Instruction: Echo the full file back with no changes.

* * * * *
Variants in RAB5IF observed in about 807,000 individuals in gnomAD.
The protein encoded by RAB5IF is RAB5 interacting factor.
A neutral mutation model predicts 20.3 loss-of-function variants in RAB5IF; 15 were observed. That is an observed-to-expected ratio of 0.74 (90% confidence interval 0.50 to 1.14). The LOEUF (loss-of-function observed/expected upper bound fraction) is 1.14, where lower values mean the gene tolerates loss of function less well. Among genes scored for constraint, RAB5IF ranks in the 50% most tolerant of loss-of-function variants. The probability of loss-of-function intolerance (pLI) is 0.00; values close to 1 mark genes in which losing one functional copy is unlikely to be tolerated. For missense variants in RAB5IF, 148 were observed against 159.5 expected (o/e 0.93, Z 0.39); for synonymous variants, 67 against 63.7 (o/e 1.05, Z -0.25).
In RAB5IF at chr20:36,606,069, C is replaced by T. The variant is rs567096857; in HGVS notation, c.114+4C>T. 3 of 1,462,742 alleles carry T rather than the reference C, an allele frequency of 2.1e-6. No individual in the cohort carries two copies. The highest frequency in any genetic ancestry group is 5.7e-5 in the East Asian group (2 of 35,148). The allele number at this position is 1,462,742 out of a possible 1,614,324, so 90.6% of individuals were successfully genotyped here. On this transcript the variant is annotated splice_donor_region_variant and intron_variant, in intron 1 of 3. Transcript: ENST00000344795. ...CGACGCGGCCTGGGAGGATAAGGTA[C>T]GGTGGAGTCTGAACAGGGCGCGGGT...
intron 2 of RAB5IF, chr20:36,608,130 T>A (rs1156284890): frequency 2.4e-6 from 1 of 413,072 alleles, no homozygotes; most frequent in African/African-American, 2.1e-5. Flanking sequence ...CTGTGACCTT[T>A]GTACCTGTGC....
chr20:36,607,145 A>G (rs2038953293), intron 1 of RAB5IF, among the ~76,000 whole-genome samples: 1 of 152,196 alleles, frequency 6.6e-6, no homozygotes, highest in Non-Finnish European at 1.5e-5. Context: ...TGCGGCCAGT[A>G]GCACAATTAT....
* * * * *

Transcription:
Variants in RAB5IF observed in about 807,000 individuals in gnomAD.
The protein encoded by RAB5IF is RAB5 interacting factor.
A neutral mutation model predicts 20.3 loss-of-function variants in RAB5IF; 15 were observed. That is an observed-to-expected ratio of 0.74 (90% confidence interval 0.50 to 1.14). The LOEUF (loss-of-function observed/expected upper bound fraction) is 1.14, where lower values mean the gene tolerates loss of function less well. Among genes scored for constraint, RAB5IF ranks in the 50% most tolerant of loss-of-function variants. The probability of loss-of-function intolerance (pLI) is 0.00; values close to 1 mark genes in which losing one functional copy is unlikely to be tolerated. For missense variants in RAB5IF, 148 were observed against 159.5 expected (o/e 0.93, Z 0.39); for synonymous variants, 67 against 63.7 (o/e 1.05, Z -0.25).
In RAB5IF at chr20:36,606,069, C is replaced by T. The variant is rs567096857; in HGVS notation, c.114+4C>T. 3 of 1,462,742 alleles carry T rather than the reference C, an allele frequency of 2.1e-6. No individual in the cohort carries two copies. The highest frequency in any genetic ancestry group is 5.7e-5 in the East Asian group (2 of 35,148). The allele number at this position is 1,462,742 out of a possible 1,614,324, so 90.6% of individuals were successfully genotyped here. On this transcript the variant is annotated splice_donor_region_variant and intron_variant, in intron 1 of 3. Transcript: ENST00000344795. ...CGACGCGGCCTGGGAGGATAAGGTA[C>T]GGTGGAGTCTGAACAGGGCGCGGGT...
intron 2 of RAB5IF, chr20:36,608,130 T>A (rs1156284890): frequency 2.4e-6 from 1 of 413,072 alleles, no homozygotes; most frequent in African/African-American, 2.1e-5. Flanking sequence ...CTGTGACCTT[T>A]GTACCTGTGC....
chr20:36,607,145 A>G (rs2038953293), intron 1 of RAB5IF, among the ~76,000 whole-genome samples: 1 of 152,196 alleles, frequency 6.6e-6, no homozygotes, highest in Non-Finnish European at 1.5e-5. Context: ...TGCGGCCAGT[A>G]GCACAATTAT....